A Caught Faith | 2 Timothy 1:5 (Lois & Eunice – Mother’s Day Message)

A Caught Faith | 2 Timothy 1:5 (Lois & Eunice – Mother’s Day Message)

Happy Mother’s Day. I want to start by saying how grateful I am for my mom encouraging my walk with Christ, and I’m constantly grateful for how my wife Monica teaches our kids about Jesus. Today, in scripture, we see two examples of women who did the same thing. We’ve been in this series, Women in the Kingdom, and we’ve been looking at lots of women, wives, and mothers throughout the Bible. Today we’re going to look at a grandmother and a mother that Paul speaks really highly of. They are the grandmother, Lois, and mother, Eunice, of Timothy, Paul’s disciple. They love the Lord, and their deepest desire is that Timothy would love Jesus too. By God’s grace, he does, and this is how Paul talks of them.

2 Timothy 1:5 (NIV)
I am reminded of your sincere faith, which first lived in your grandmother Lois and in your mother Eunice and, I am persuaded, now lives in you also.

This verse, if we look at it closely, tells us a little bit about why Timothy caught the faith from his mother and grandmother. And that’s what we hope for our children—that they would catch our faith in God too. My big idea is: A caught faith is a genuine, alive, and taught faith.

A caught faith is a genuine faith.

Paul, addressing Timothy, says, “I am reminded of your sincere faith.” But it didn’t come from Timothy; it came from his Lois and Eunice. The Greek word for “sincere” means “un-disguised.” I think I was about 13-14 when I watched The Phantom of the Opera for the first time. It’s all about the music and the mask. Who is the phantom who plays such amazing music but wears a mask? What is he covering? Why hide? He hides his face because he hides his scars. Eventually, he reveals his true face. Why do we hide? Is it our brokenness? We don’t want our kids to see who we really are? They see it, whether we want them to or not.

Lois and Eunice took got real with Timothy. They didn’t put on a show for him. They let Timothy see their genuine, messy, imperfect, real faith in God. They took off their masks. They let him see their scars—that they weren’t perfect, but Jesus loves them anyway. What I so appreciate about my mom’s faith, my mother-in-law’s faith, and my wife’s faith, is that each of their faith is genuine, and each of them is willing to be real with their kids.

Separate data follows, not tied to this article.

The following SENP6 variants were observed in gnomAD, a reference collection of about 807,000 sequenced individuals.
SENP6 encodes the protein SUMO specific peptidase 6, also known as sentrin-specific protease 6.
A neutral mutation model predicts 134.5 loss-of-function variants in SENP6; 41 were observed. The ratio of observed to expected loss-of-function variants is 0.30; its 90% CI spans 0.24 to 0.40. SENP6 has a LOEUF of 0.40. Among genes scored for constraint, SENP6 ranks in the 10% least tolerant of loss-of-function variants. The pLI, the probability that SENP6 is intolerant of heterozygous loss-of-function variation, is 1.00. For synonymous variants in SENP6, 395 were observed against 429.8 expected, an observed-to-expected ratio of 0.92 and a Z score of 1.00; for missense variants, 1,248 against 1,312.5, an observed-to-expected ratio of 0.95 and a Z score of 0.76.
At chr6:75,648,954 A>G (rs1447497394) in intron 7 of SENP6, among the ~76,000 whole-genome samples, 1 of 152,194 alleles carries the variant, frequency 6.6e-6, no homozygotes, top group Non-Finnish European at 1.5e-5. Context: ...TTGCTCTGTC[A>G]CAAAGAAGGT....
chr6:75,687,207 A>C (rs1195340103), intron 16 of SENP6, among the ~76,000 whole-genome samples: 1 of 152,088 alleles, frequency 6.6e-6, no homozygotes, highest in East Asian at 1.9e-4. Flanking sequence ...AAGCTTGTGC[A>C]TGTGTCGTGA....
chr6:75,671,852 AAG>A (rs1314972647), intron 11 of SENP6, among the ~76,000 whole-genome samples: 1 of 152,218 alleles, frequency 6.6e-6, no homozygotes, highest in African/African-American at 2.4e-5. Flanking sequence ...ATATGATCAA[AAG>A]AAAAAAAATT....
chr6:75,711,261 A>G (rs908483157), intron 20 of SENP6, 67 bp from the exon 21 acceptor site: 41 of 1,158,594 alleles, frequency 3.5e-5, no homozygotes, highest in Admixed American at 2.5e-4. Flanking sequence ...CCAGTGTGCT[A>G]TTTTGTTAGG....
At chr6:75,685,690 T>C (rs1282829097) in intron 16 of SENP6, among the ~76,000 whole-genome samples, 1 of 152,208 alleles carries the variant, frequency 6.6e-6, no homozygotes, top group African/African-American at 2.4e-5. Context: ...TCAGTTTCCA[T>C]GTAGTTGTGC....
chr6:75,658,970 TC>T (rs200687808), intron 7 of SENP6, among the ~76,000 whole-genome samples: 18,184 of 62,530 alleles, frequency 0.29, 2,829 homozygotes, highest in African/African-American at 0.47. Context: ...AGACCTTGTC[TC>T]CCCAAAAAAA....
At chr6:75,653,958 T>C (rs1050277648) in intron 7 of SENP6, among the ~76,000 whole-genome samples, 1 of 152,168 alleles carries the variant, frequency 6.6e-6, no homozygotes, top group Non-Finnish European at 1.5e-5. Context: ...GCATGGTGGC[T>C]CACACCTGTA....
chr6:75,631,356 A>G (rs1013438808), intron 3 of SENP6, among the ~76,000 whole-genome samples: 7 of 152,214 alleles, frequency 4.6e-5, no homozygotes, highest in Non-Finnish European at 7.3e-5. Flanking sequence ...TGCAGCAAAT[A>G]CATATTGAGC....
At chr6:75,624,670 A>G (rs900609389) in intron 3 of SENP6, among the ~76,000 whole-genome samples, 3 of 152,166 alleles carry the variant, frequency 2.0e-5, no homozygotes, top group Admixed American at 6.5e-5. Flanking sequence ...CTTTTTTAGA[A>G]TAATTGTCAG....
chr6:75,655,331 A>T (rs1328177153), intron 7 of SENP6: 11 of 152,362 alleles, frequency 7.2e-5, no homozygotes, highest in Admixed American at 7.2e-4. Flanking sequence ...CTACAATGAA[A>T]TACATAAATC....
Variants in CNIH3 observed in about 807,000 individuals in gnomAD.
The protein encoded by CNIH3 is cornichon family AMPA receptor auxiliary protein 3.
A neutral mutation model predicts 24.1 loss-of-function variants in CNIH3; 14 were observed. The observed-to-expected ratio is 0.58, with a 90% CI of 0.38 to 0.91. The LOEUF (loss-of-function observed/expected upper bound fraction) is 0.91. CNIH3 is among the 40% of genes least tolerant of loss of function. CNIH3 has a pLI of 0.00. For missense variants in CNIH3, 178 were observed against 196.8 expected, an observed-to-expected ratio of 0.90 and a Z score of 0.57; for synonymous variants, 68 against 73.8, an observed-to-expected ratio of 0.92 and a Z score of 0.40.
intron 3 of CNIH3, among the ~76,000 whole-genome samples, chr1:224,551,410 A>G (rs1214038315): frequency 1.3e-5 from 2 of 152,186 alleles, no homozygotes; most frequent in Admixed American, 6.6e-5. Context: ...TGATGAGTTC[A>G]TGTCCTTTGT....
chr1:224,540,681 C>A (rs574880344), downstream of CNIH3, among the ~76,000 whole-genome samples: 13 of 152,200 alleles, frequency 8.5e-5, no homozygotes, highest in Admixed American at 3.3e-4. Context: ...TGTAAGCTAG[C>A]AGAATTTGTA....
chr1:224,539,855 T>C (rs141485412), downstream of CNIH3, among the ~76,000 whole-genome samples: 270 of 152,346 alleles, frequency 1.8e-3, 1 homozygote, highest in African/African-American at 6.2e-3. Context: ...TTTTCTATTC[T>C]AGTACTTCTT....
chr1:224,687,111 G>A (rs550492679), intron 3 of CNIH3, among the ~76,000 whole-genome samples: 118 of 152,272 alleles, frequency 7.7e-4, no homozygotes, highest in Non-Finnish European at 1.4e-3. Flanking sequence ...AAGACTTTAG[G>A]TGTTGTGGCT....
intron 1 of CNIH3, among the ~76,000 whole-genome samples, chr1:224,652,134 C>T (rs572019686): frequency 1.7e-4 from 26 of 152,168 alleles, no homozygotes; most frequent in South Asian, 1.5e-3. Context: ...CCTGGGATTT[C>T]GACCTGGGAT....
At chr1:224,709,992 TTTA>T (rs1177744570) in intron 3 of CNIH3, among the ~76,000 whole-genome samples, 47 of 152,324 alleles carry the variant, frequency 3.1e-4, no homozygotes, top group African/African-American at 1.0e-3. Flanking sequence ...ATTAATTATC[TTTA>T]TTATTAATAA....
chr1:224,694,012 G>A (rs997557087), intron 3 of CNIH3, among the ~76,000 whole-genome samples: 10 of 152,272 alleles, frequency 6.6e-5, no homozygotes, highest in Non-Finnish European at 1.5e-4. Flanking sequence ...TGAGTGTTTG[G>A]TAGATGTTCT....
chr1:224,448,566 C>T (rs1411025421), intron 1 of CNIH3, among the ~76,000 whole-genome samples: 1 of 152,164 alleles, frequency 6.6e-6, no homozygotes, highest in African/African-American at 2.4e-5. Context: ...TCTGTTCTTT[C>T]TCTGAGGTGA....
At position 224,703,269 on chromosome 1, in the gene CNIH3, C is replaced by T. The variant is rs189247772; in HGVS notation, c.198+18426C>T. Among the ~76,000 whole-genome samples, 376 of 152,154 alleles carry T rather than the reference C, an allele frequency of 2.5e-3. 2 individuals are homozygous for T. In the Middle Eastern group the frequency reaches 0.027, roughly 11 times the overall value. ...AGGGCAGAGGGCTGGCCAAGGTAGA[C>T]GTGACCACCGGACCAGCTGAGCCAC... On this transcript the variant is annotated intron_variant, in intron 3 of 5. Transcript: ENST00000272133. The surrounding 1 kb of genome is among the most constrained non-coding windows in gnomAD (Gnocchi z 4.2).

A caught faith is not perfect faith. A caught faith is not an “I have it all together” faith. A caught faith is genuine, un-masked, un-hypocritical, willing to be real kind of faith. I see that in our church too. It makes me thankful for the moms and grandmothers in our church community.

A caught faith is a genuine and alive faith.

“I am reminded of your sincere faith, which first lived in your grandmother Lois and in your mother Eunice…” The word for “lived” is better translated as “dwelt.” A dwelling is a house or place where people live. Monica and I purchased our house eight years ago, and this week we’re about to put it on the market to sell it. And as I think about our house, we have a lot of memories there. We’ve eaten a lot of meals, had game nights with friends, broken glasses, finished the basement, and had firepits in our backyard. We’ve had two kids here. There’s been a lot of living in our home. Our home is our dwelling place.

What Paul is saying is that faith made its home in Lois and Eunice’s lives. It took up residence. It made a bunch of memories, on good days and bad days. Faith was present. Faith in God has been there through it all, living life with them. Sometimes when we think of an “alive faith,” we think of “being on fire for God.” Like going out and being a missionary or preaching on the curb. Those things matter. Those things are good. But that’s not how the Bible defines a living faith. Living faith is one that goes through life every day and seeks to know God, love him, and follow the Holy Spirit wherever he leads. That’s an alive faith. That’s a faith that dwells in us every day.

I want us to take a closer look at Eunice’s life. Eunice, Timothy’s mom, was Jewish, but his father was not. He was a Greek, a Gentile, and as far as we know, he didn’t believe in Jesus.

Acts 16:1 (NIV)
Paul came to Derbe and then to Lystra, where a disciple named Timothy lived, whose mother was Jewish and a believer but whose father was a Greek.

I think there’s a lot to be encouraged by here. Eunice didn’t have the ideal Jesus-loving husband, and yet Timothy still saw her faith and wanted to take it as his own. This should be really encouraging for those wives who have husbands who aren’t where they need to be. You can’t control their faith, but you can live your faith every day, even in less-than-ideal circumstances, and that is enough. We don’t actually know if Lois, Timothy’s grandmother, was Eunice’s mother or mother-in-law. I say that just to point out that mothers-in-law, or families that don’t look ideal, can be faithful witnesses too.

The first two things Lois and Eunice did aren’t that revolutionary in some ways, and in others, they are. They were genuine in their faith, and they lived their faith daily. That’s all something we can do. That’s something I’m already seeing the moms of Cornerstone do. And I want to encourage you in that. Good job. Keep going. Some days it’s easy. On other days it’s hard. Just keep genuine faith and live that genuine faith every day, through the good days and the hard days. And for my complete big idea: